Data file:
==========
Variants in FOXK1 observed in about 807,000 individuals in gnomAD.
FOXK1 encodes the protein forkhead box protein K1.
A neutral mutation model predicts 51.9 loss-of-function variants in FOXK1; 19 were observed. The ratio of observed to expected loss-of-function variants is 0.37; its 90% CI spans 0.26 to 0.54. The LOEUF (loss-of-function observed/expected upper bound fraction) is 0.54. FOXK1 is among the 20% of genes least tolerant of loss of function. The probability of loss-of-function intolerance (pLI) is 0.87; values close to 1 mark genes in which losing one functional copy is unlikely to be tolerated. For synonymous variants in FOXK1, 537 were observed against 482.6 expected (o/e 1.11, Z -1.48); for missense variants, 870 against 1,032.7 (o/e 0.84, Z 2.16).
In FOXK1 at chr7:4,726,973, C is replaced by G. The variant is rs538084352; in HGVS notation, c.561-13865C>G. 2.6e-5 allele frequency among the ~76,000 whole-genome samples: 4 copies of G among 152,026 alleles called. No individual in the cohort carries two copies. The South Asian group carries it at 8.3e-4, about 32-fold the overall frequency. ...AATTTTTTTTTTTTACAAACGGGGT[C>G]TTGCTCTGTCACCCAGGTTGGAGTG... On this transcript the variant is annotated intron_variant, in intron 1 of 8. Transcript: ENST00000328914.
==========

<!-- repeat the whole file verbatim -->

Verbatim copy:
Variants in FOXK1 observed in about 807,000 individuals in gnomAD.
FOXK1 encodes the protein forkhead box protein K1.
A neutral mutation model predicts 51.9 loss-of-function variants in FOXK1; 19 were observed. The ratio of observed to expected loss-of-function variants is 0.37; its 90% CI spans 0.26 to 0.54. The LOEUF (loss-of-function observed/expected upper bound fraction) is 0.54. FOXK1 is among the 20% of genes least tolerant of loss of function. The probability of loss-of-function intolerance (pLI) is 0.87; values close to 1 mark genes in which losing one functional copy is unlikely to be tolerated. For synonymous variants in FOXK1, 537 were observed against 482.6 expected (o/e 1.11, Z -1.48); for missense variants, 870 against 1,032.7 (o/e 0.84, Z 2.16).
In FOXK1 at chr7:4,726,973, C is replaced by G. The variant is rs538084352; in HGVS notation, c.561-13865C>G. 2.6e-5 allele frequency among the ~76,000 whole-genome samples: 4 copies of G among 152,026 alleles called. No individual in the cohort carries two copies. The South Asian group carries it at 8.3e-4, about 32-fold the overall frequency. ...AATTTTTTTTTTTTACAAACGGGGT[C>G]TTGCTCTGTCACCCAGGTTGGAGTG... On this transcript the variant is annotated intron_variant, in intron 1 of 8. Transcript: ENST00000328914.